• Improving urban planning. Computer vision and deep learning solutions can detect the number of buses and cars on busy highways and side roads to more effectively manage traffic.
  • Gauging emotions. In areas like education or retail, it can be used to determine the emotions of consumers or students and their reactions to the classroom or in-store experience. In education in particular, surveillance cameras can determine if classroom instruction is interesting by how engaged students appear to be.

Sending Computer Vision and Deep Learning to the Moon

When deep learning for computer vision applications are deployed in satellites, the possibilities are extended even further. Satellite imagery gives us an elevated look at massive amounts of images for applications such as:

  • Fighting deforestationComputer vision and deep learning can help identify and count the trees throughout forests and parks, detect whether deforestation is occurring and suggest possible causes.
  • Monitoring economic growth. Monitoring urban activity, such as counting cars, electric lights, or construction work can produce indicators of development and economic growth in countries around the world.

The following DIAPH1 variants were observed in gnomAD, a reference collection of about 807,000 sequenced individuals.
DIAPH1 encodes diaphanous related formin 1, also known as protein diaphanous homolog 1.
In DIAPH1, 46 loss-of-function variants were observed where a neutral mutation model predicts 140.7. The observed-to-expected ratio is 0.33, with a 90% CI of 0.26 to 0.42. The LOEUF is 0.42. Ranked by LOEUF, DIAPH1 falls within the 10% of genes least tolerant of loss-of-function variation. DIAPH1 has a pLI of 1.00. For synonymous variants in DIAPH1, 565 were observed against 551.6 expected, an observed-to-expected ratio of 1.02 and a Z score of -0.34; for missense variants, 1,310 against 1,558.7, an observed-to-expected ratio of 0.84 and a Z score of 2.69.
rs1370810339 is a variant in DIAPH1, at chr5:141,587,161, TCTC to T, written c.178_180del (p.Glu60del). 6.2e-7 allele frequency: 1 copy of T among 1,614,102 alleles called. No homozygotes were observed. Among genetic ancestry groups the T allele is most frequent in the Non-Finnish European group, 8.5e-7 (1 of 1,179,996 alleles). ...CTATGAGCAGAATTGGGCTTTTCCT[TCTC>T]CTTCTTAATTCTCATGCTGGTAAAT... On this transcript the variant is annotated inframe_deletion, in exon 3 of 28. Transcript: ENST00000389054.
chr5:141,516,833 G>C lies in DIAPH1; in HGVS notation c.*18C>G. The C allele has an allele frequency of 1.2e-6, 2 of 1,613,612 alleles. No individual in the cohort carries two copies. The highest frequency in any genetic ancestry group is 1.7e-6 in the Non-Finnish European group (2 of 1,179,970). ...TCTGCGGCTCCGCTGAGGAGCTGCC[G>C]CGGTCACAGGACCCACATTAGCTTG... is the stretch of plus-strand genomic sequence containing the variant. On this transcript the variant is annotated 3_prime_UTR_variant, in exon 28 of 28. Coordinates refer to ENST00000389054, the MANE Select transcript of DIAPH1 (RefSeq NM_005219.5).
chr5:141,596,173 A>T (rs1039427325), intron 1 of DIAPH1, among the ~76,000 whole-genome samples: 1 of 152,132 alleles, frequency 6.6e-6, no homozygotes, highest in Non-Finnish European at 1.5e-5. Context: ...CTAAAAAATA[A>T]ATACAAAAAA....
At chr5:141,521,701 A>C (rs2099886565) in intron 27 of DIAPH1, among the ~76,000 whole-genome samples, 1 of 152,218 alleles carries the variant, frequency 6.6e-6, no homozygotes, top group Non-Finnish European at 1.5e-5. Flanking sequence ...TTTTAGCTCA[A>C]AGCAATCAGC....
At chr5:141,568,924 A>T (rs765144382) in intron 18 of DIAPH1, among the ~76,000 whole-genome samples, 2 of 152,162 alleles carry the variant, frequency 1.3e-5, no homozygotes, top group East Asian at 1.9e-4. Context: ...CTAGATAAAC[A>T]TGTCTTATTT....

• Disaster relief. Following natural disasters like hurricanes and earthquakes, relief organizations can use automatically labeled maps of structures to visit, use computer vision powered drones to conduct inspections and estimate impact of destruction.

How Do These Computer Vision Applications Deployed? It’s Not that Simple.

While there are clear benefits to the use of deep learning-based computer vision solutions the question of the hour is, how do companies get there? The democratization of this type of AI, through pre-packaged apps such as’s Einstein, or Google AI tout the availability of “AI for everyone,” yet, when everyone has access to the same benefits, no one can really stand apart.

The democratization of AI has made it easy to create plug-and-play models, but it is still hard to create good models. The plethora of code and tutorials make it possible for a basic programmer to pretty easily build a basic model, but there’s a huge gap between a basic AI solution to answer rudimentary questions and one with the deep understanding of a specific business. When it comes to deep learning, skill is less important than experience in knowing which parameters to choose for each dataset and business problem.